I was run over by the truth one day.
Ever since the accident I've walked this way
So stick my legs in plaster
Tell me lies about Vietnam

Heard the alarm clock screaming with pain,
Couldn't find myself so I went back to sleep again
So fill my ears with silver
Stick my legs in plaster
Tell me lies about Vietnam ...

Many years later, Mitchell would add Iraq and Afghanistan to the list of wars his poetic persona wanted to be lied to about.

"To Whom It May Concern" is included in Out Loud. The volume also contains "For David Mercer" ("I like dancers who stamp") and the moving "To You" (also available somewhere in a reading by Mitchell), which starts out:

One : we were swaddled, ugly-beautiful and drunk on milk
Two : cuddled in arms always covered by laundered sleeves.
Three : we got sand and water to exercise our imaginative faculties.
Four : we were hit. Suddenly hit. ...

There is also the oft-quoted "Celia Celia" (dedicated to his wife, who survives him):

When I am sad and weary,
When I think all hope has gone,
When I walk along High Holborn
I think of you with nothing on.

At times an irritating facetiousness and sloppiness is present in Mitchell's poems, justified presumably in the name of ease of popular access and ‘informality' of approach. Nonetheless, the book overall is moving, lyrical, funny and scathing.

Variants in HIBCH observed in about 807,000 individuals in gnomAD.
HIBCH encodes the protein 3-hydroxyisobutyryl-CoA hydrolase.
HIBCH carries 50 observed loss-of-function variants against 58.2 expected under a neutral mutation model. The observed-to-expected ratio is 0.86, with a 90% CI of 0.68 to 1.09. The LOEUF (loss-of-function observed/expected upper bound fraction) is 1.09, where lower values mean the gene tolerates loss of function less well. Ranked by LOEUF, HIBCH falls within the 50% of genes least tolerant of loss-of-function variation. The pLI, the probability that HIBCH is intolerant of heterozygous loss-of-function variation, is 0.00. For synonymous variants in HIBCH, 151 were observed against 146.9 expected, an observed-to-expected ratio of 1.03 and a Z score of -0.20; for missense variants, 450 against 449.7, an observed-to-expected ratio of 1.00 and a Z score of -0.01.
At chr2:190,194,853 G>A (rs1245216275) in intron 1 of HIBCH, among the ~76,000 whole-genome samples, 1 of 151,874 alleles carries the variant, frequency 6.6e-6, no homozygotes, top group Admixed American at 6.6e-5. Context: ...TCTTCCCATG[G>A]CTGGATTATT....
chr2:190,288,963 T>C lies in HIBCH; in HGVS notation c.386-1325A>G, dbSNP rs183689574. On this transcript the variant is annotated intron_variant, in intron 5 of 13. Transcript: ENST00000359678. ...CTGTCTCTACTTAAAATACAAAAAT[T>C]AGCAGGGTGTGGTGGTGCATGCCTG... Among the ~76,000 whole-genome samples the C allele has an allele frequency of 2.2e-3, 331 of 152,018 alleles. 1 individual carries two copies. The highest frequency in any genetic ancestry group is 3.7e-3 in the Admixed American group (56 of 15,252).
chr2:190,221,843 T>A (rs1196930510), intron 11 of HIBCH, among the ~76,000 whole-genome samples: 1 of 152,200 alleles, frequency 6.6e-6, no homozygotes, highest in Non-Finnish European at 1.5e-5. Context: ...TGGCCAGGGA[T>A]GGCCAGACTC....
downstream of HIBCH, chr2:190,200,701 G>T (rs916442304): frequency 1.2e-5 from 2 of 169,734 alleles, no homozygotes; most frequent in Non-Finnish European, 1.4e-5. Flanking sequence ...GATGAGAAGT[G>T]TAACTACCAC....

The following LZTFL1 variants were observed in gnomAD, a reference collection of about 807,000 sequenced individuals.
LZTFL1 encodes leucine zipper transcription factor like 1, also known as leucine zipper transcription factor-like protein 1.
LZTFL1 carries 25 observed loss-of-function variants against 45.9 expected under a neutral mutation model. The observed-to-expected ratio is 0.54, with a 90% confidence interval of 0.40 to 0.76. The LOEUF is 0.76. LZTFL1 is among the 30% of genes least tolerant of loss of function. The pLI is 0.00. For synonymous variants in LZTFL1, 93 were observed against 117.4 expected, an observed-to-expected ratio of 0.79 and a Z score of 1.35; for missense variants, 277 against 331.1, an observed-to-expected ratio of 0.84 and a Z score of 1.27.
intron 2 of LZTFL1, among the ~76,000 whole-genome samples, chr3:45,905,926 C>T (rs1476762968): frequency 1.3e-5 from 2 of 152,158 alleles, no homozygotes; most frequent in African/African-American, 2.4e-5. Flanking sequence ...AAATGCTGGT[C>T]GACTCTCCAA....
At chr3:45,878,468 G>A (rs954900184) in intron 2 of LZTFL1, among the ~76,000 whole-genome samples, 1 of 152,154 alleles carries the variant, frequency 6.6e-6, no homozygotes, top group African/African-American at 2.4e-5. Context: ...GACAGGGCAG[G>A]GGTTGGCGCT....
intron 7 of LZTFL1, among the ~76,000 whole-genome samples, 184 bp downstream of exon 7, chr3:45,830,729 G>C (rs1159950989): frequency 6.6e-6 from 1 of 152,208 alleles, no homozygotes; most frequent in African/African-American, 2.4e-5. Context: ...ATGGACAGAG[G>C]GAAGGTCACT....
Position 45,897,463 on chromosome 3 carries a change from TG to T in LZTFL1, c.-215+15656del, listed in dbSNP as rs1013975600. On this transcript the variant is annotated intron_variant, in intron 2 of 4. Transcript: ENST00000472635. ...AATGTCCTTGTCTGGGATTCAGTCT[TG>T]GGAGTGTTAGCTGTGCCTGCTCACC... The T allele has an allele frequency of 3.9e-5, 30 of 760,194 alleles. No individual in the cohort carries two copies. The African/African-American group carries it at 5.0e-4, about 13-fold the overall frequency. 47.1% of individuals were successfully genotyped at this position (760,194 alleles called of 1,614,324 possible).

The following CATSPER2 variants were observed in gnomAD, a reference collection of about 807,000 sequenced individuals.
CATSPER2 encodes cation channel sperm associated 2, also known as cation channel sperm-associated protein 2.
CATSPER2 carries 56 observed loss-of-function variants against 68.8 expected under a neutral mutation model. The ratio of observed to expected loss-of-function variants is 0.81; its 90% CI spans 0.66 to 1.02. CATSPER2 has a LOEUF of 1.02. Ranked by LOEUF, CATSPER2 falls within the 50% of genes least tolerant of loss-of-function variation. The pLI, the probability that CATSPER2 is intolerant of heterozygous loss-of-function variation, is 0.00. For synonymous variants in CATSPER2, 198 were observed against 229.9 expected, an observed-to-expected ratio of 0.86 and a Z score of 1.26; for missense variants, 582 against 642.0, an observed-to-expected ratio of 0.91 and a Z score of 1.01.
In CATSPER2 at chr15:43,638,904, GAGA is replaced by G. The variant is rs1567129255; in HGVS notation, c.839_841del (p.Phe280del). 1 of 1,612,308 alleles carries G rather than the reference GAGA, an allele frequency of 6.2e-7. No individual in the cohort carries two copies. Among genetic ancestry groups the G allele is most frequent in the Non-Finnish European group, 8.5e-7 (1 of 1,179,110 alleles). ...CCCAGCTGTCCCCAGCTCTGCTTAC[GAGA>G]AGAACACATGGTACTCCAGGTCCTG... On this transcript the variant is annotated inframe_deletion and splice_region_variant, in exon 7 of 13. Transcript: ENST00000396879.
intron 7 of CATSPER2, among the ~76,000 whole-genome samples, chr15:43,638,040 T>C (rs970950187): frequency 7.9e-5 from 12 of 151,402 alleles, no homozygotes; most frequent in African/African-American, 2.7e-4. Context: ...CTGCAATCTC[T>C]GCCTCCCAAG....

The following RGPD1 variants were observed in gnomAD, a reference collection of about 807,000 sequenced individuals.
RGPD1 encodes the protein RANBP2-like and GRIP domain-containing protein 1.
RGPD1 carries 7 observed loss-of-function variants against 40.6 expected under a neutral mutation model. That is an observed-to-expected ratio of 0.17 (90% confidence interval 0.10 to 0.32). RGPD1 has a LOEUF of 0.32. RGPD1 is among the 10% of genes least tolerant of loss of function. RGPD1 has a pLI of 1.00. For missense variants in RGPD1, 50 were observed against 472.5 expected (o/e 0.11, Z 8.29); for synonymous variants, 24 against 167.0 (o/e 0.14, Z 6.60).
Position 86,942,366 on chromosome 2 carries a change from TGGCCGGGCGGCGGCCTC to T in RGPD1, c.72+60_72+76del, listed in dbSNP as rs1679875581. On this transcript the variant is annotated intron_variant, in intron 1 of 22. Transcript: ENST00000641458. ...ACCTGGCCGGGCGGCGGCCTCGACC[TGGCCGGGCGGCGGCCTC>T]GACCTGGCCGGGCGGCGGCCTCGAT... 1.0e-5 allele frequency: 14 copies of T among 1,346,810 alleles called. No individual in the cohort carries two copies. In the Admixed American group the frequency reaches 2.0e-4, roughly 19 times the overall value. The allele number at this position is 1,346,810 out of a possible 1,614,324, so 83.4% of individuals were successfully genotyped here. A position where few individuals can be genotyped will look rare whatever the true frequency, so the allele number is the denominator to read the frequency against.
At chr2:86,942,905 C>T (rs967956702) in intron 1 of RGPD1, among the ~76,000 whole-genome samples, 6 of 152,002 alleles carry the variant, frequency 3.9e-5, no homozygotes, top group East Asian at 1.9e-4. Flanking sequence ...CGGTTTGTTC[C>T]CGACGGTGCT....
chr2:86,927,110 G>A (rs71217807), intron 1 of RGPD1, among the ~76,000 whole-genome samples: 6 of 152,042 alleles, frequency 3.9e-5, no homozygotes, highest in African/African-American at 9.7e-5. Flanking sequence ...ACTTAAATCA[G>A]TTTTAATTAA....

His next volume, Ride the Nightmare, registered something of a decline, but still contains a number of lovely and meaningful pieces.

On its first page, that book contained the following mock serious warning:

"Note to Examiners, Children and Students: None of the work in this or any other of my books or articles is to be used in connection with any examination whatsoever. This also applies to beauty contests."

The titles of some of the poems in Ride the Nightmare tell you something about its contents: